Being Noah Dillon

NOAH DILLON’S never going to crack it as a Matthew McConaughey impersonator, so it’s lucky he’s got rock superstar written all over him.

The up-and-coming Freo muso portrays McConaughey in the video to his latest single, a back-handed tribute to the impossibly charismatic Texan that’s getting rave reviews from fans.

And while the clip to Mathew McConaughey is a piss-take giggle-fest of scenes from the actor’s movies re-imagined around Freo, the song has a universal message about toxic masculinity that strikes a chord with fans.

“I was in a state where I felt I needed to be strong for the people I was with in terms of the pressure to be more masculine,” Dillon says.

“As a man you were expected to be this, that or the other.”

He says the handsome Texan with the whiskey drawl struck him as the living persona of what he was expected to be.

“Mathew McConaughey was the ultra me.” Dylan says his anti-hero’s promise to be “more like Mathew McConaughey” for his lover is very tongue-in-cheek.

“As your life progresses, it becomes clear that masculinity isn’t that elusive attribute you’ve been striving for; it’s about being yourself.”

The success of the single, which was released last month, has created a dilemma for Dillon; in normal times he’d have packed up the band to capitalise on the exposure with a national tour.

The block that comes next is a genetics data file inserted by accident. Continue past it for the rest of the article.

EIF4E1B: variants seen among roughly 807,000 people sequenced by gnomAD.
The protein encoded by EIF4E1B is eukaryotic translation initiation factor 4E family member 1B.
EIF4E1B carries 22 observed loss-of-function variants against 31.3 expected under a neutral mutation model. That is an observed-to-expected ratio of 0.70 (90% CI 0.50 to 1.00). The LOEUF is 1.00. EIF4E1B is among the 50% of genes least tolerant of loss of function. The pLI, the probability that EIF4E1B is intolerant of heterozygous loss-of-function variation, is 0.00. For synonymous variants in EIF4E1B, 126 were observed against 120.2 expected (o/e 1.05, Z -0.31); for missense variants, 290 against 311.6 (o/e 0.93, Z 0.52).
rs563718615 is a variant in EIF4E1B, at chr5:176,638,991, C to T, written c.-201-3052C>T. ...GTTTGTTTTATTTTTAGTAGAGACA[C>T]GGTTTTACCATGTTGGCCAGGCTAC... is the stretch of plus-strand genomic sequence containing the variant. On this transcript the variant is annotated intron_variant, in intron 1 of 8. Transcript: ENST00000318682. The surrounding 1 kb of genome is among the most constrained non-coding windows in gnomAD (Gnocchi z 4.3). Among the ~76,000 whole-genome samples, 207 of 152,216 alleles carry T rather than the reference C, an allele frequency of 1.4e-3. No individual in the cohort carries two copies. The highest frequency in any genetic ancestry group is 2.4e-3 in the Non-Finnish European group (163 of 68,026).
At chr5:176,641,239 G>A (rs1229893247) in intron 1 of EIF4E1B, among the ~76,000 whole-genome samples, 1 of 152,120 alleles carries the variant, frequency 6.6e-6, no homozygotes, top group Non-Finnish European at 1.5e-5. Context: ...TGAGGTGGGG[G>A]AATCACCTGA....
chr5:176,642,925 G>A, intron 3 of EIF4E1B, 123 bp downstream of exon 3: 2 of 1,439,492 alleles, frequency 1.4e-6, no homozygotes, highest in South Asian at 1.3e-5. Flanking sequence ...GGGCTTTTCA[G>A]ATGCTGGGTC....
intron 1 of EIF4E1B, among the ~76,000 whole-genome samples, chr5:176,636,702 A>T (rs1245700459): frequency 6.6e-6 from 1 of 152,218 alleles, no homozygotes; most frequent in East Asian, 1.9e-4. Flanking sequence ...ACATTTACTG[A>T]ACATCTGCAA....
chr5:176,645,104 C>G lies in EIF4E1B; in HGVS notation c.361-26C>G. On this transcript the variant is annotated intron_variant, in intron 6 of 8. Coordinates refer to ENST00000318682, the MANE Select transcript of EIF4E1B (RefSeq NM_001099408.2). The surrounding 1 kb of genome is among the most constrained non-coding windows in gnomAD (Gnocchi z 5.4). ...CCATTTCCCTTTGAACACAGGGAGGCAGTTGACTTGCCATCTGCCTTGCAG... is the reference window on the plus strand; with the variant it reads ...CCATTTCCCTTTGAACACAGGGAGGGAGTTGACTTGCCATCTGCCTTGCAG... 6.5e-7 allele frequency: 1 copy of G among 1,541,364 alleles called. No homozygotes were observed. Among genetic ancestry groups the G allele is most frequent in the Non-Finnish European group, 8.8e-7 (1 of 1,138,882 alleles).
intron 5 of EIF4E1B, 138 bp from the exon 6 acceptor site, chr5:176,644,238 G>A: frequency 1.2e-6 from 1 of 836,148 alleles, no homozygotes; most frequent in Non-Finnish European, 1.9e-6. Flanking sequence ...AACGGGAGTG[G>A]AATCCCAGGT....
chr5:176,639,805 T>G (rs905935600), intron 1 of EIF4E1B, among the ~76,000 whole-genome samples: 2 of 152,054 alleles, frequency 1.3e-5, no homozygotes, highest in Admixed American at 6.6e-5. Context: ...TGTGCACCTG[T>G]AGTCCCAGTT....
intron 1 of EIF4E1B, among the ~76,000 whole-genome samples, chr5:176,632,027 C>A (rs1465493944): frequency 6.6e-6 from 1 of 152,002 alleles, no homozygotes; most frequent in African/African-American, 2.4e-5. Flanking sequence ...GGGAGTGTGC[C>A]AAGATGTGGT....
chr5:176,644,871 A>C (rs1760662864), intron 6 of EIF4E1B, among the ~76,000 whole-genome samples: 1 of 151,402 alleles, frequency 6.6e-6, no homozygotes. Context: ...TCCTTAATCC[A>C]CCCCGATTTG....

Instead he’s having to hammer the emails from home and pump the phone to maintain the hype.

“It’s the side of music you don’t really sign up for,” he says.

And there’s no doubt he’d win fans with his live performance.

I caught Dillon at last July’s Hidden Treasures festival in Fremantle on the recommendation of folk raconteur Justin Walshe, who said the youngster was creating a real buzz.

Arriving mid-song, my ears were mauled by a barrage of guitar twangs and drums so chaotic I  wondered if Walshe had been sampling Nannup’s mushrooms while folking it up down there.

But it was just one of Dillon’s trademark quirky bridges, and as he snapped back into a rock solid indi riff, it became clear Freo had spawned yet another electrifying performer.

“We really pride ourselves on our live show,” says Dillon, who says he’s not afraid of pushing boundaries.

“That’s what I love about playing live; feeling that I could fall over and mess things up at any time.”

Dillon met drummer Jack Hill and bassist Claudia Genovese while all three were at ECU, although not in the same course, while guitarist Sam Rocchi went to the same high school.

He says his big dream is to “tour the world and play to as many people as I can”.

Obviously the coronavirus has put the brakes on that dream for the moment, but there’s a new single coming out in a couple of months and the band’s already working on an EP.

By STEVE GRANT

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